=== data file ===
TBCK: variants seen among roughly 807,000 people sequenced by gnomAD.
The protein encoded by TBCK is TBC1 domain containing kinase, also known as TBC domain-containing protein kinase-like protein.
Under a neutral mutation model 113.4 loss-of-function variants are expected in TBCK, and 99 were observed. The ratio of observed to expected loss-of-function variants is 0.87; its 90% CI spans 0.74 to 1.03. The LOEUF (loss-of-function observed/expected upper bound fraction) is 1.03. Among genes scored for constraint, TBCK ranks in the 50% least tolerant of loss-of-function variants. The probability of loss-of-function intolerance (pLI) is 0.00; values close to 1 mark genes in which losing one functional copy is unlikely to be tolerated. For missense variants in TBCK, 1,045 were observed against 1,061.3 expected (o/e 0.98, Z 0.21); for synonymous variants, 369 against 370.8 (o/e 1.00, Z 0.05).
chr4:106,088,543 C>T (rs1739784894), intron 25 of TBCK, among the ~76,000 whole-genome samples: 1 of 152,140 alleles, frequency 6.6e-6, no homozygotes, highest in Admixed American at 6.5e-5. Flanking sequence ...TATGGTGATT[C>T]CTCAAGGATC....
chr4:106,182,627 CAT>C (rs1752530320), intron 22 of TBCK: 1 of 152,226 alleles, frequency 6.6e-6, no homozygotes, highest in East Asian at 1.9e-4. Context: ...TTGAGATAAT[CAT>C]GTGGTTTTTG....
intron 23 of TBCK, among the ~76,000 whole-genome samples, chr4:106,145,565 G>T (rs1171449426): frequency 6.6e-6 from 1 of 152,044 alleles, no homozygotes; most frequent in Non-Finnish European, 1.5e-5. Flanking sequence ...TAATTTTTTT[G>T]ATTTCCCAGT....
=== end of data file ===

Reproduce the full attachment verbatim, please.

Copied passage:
TBCK: variants seen among roughly 807,000 people sequenced by gnomAD.
The protein encoded by TBCK is TBC1 domain containing kinase, also known as TBC domain-containing protein kinase-like protein.
Under a neutral mutation model 113.4 loss-of-function variants are expected in TBCK, and 99 were observed. The ratio of observed to expected loss-of-function variants is 0.87; its 90% CI spans 0.74 to 1.03. The LOEUF (loss-of-function observed/expected upper bound fraction) is 1.03. Among genes scored for constraint, TBCK ranks in the 50% least tolerant of loss-of-function variants. The probability of loss-of-function intolerance (pLI) is 0.00; values close to 1 mark genes in which losing one functional copy is unlikely to be tolerated. For missense variants in TBCK, 1,045 were observed against 1,061.3 expected (o/e 0.98, Z 0.21); for synonymous variants, 369 against 370.8 (o/e 1.00, Z 0.05).
chr4:106,088,543 C>T (rs1739784894), intron 25 of TBCK, among the ~76,000 whole-genome samples: 1 of 152,140 alleles, frequency 6.6e-6, no homozygotes, highest in Admixed American at 6.5e-5. Flanking sequence ...TATGGTGATT[C>T]CTCAAGGATC....
chr4:106,182,627 CAT>C (rs1752530320), intron 22 of TBCK: 1 of 152,226 alleles, frequency 6.6e-6, no homozygotes, highest in East Asian at 1.9e-4. Context: ...TTGAGATAAT[CAT>C]GTGGTTTTTG....
intron 23 of TBCK, among the ~76,000 whole-genome samples, chr4:106,145,565 G>T (rs1171449426): frequency 6.6e-6 from 1 of 152,044 alleles, no homozygotes; most frequent in Non-Finnish European, 1.5e-5. Flanking sequence ...TAATTTTTTT[G>T]ATTTCCCAGT....